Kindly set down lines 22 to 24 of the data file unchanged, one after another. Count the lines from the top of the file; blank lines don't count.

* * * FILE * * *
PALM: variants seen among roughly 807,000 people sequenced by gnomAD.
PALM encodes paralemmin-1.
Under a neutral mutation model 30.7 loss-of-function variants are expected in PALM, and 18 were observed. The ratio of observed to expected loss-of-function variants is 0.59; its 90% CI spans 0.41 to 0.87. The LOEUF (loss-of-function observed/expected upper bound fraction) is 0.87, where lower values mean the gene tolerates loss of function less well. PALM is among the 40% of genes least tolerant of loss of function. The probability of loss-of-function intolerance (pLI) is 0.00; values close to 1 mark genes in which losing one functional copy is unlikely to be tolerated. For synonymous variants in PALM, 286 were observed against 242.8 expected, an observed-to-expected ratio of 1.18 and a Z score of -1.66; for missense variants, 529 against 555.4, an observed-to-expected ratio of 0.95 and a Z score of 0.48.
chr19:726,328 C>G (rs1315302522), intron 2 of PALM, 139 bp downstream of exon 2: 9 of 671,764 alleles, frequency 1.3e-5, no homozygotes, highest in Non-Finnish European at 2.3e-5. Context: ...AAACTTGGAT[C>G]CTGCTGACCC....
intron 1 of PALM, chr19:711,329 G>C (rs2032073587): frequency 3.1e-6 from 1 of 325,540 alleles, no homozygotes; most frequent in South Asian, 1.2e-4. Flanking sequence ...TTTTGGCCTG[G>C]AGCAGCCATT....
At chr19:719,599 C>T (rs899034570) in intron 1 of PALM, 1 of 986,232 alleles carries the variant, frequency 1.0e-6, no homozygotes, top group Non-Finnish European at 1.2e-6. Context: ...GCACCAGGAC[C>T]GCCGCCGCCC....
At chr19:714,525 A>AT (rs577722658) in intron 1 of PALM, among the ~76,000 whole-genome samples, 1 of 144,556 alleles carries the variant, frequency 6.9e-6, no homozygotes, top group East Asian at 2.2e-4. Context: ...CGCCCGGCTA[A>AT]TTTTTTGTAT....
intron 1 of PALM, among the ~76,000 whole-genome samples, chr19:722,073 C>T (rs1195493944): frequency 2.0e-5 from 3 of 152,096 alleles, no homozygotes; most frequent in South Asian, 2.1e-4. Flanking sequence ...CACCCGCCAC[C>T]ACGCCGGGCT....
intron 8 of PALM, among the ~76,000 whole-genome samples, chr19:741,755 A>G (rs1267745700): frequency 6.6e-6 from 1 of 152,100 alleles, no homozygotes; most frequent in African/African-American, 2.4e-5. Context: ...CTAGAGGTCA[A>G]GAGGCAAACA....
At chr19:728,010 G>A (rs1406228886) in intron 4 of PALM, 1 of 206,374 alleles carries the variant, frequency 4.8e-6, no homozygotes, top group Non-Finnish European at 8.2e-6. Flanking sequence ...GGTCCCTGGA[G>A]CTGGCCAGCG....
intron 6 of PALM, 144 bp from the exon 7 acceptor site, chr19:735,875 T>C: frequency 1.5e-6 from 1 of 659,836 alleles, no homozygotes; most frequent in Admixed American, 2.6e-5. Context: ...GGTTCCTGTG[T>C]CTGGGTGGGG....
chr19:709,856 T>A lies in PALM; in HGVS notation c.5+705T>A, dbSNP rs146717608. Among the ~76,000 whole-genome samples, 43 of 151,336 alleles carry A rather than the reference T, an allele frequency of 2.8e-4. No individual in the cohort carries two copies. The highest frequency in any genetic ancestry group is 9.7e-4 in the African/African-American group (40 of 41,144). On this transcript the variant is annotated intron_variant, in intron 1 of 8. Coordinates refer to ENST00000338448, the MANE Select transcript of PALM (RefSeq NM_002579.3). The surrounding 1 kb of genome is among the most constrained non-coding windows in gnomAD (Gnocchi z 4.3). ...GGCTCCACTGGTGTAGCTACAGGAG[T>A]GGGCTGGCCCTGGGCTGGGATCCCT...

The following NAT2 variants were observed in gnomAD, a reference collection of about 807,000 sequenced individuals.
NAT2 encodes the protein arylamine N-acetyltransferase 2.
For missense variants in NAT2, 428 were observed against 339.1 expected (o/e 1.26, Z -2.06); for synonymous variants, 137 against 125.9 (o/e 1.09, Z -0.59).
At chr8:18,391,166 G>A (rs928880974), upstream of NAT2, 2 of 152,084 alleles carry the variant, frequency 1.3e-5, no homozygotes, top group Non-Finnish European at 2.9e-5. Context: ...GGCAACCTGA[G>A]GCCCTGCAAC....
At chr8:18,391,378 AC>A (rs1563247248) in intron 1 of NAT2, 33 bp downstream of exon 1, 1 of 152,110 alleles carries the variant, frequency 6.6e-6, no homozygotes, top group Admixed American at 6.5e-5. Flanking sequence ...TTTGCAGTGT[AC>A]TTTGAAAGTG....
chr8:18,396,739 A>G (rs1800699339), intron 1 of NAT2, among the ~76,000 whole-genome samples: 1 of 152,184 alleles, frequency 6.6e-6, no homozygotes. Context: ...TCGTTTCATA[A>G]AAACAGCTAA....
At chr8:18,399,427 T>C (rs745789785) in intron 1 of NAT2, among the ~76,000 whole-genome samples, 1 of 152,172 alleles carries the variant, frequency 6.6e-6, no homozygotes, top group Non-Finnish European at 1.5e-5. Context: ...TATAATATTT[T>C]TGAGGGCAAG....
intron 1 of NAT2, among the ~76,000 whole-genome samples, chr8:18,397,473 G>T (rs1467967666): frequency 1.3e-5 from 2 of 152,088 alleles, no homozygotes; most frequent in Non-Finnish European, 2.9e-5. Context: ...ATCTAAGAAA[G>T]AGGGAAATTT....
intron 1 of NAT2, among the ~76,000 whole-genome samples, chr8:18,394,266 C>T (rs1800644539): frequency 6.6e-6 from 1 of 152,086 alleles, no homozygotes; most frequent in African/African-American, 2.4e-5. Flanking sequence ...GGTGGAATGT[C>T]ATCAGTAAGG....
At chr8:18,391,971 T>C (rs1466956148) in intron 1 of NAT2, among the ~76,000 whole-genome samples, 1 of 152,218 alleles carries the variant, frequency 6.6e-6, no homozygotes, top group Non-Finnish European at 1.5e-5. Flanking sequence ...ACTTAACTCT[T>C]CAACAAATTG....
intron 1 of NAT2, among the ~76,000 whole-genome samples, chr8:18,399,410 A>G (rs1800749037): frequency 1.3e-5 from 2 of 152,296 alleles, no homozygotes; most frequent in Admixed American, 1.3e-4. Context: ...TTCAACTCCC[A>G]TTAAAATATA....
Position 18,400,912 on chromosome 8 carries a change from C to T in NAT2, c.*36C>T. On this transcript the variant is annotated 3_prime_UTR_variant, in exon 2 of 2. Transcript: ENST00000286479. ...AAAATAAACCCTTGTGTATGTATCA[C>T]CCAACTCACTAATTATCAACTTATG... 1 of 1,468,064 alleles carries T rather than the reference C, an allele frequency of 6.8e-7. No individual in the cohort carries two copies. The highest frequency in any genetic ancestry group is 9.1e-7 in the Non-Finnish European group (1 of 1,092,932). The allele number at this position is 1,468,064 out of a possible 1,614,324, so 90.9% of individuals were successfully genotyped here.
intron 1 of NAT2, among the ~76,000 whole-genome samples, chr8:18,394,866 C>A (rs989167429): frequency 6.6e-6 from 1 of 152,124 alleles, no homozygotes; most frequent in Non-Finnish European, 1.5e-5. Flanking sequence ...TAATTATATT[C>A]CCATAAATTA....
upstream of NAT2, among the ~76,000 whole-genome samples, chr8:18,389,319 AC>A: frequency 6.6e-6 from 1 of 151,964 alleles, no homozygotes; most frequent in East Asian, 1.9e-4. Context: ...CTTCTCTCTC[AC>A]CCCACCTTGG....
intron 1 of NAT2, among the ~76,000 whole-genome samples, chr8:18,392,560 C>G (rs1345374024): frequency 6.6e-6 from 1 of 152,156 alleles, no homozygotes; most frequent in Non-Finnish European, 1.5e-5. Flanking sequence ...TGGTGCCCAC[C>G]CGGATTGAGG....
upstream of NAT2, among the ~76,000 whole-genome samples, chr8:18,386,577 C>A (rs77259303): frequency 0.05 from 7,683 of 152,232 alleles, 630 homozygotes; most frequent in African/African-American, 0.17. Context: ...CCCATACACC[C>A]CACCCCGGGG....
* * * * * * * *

At chr8:18,391,971 T>C (rs1466956148) in intron 1 of NAT2, among the ~76,000 whole-genome samples, 1 of 152,218 alleles carries the variant, frequency 6.6e-6, no homozygotes, top group Non-Finnish European at 1.5e-5. Flanking sequence ...ACTTAACTCT[T>C]CAACAAATTG....
intron 1 of NAT2, among the ~76,000 whole-genome samples, chr8:18,399,410 A>G (rs1800749037): frequency 1.3e-5 from 2 of 152,296 alleles, no homozygotes; most frequent in Admixed American, 1.3e-4. Context: ...TTCAACTCCC[A>G]TTAAAATATA....
Position 18,400,912 on chromosome 8 carries a change from C to T in NAT2, c.*36C>T. On this transcript the variant is annotated 3_prime_UTR_variant, in exon 2 of 2. Transcript: ENST00000286479. ...AAAATAAACCCTTGTGTATGTATCA[C>T]CCAACTCACTAATTATCAACTTATG... 1 of 1,468,064 alleles carries T rather than the reference C, an allele frequency of 6.8e-7. No individual in the cohort carries two copies. The highest frequency in any genetic ancestry group is 9.1e-7 in the Non-Finnish European group (1 of 1,092,932). The allele number at this position is 1,468,064 out of a possible 1,614,324, so 90.9% of individuals were successfully genotyped here.